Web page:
This transition got me curious, so I went ahead to read about it and I found this very entertaining quiz based on your behavior to determine whether you are an introvert, an extrovert, or an ambivert. As I was reading about the ambivert’s personality traits, I was feeling like I could fit in perfectly (it’s all about fitting in, right?), but to my surprise, the quiz says I am still an extrovert. That means that I’m a “people’s person”. At first, I was a little confused, because being alone is something that is really doing me good lately. A few months ago I even vanished from social media and let all my friends and family know that I was fine, but needed some silence. For most of them, it was okay because they know me long enough to recognize that this is my process of healing when things go too crazy inside my head. Some other people had a little more struggle to understand it had nothing to do with nobody but myself. We can’t please them all.

What I take from all of this is another over-positive message regarding our modus operandi. We are human, we are fluid beings. We are the most adaptable animals to ever walk on earth but we managed to fail miserably to the most important voice we should pay attention to: ourselves. So I am feeling a little more introverted lately, I would rather be by myself than to go loud and crazy with people (pandemic aside). There’s no problem with that – I am taking care of myself, my mental health, and my projects (like this blog <3). When I feel like I want to be out and about, I will.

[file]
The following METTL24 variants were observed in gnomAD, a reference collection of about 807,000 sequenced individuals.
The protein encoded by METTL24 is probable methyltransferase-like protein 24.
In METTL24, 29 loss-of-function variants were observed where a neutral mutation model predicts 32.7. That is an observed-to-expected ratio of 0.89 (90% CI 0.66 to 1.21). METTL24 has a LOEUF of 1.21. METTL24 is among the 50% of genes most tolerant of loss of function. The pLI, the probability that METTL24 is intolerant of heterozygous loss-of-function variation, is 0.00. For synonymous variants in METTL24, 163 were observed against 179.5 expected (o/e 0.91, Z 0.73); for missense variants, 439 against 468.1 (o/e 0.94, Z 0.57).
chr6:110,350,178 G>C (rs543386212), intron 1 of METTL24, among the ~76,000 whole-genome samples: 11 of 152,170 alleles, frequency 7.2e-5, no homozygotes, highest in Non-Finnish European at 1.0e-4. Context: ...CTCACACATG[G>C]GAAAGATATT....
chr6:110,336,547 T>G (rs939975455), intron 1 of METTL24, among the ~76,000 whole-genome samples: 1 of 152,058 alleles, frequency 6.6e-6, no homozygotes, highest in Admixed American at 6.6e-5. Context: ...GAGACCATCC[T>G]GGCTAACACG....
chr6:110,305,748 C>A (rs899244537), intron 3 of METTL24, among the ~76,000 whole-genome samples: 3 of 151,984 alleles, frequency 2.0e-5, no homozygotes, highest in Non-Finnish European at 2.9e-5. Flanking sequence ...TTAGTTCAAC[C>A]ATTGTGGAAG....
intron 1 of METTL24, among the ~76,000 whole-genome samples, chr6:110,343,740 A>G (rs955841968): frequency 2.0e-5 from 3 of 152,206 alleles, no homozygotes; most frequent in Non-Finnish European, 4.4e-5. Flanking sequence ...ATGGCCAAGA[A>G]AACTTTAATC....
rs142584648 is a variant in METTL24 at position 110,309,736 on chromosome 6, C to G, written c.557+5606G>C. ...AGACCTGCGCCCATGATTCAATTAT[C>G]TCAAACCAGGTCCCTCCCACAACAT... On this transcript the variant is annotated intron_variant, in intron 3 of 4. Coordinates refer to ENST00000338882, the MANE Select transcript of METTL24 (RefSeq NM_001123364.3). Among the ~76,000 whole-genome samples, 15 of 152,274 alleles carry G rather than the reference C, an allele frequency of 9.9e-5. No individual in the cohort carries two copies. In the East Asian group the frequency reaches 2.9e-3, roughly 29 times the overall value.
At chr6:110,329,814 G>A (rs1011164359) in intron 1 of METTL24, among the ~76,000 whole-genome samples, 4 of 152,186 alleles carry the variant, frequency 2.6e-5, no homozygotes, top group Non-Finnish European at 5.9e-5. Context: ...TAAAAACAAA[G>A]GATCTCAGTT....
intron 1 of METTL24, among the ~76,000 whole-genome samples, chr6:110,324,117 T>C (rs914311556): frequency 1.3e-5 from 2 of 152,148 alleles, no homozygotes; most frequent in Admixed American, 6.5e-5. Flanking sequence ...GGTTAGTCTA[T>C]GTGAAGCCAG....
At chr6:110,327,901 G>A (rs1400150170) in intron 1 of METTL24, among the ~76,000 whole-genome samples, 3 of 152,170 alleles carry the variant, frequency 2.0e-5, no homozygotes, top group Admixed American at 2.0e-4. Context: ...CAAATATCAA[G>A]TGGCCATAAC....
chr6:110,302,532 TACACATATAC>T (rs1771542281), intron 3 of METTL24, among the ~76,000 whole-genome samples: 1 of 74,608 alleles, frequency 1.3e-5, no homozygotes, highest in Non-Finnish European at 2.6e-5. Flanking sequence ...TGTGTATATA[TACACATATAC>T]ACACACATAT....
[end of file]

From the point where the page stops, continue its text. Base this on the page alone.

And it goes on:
Respecting ourselves has become a luxury that many people don’t want to afford. People seem to be much more preoccupied with how their engagement in social media would drop if they don’t spread out positivity. Or if they don’t go to that third party on the same day, they will miss something out (there’s even a name for that, FOMO – Fear of Missing Out. Can anyone else see how absurd this is?!). Dude… Chill. It’s ok to be by yourself and listen to your own silence sometimes. It’s actually healthy. If the silence makes you go nuts, consider seeking professional help because this is a sign that you might be running away from your problems. There’s no need to freak out here, it can also mean that you like company and that’s all. Everyone is different.

I like being alone. I like to listen to my thoughts and laugh about them. I like to let some tears drop and let my sudden sadness mature me. I like spending time with myself because, after all, I am all I have. I have many beloved people next to me, but that’s it: they are next to me, not behind me. They can count on me and I can count on them, but in order to accept the help, you gotta help yourself first.

Published by flaviastamato

Publicist and writer, a citizen of the world trying to free herself from writing cliches (but it's so tempting....)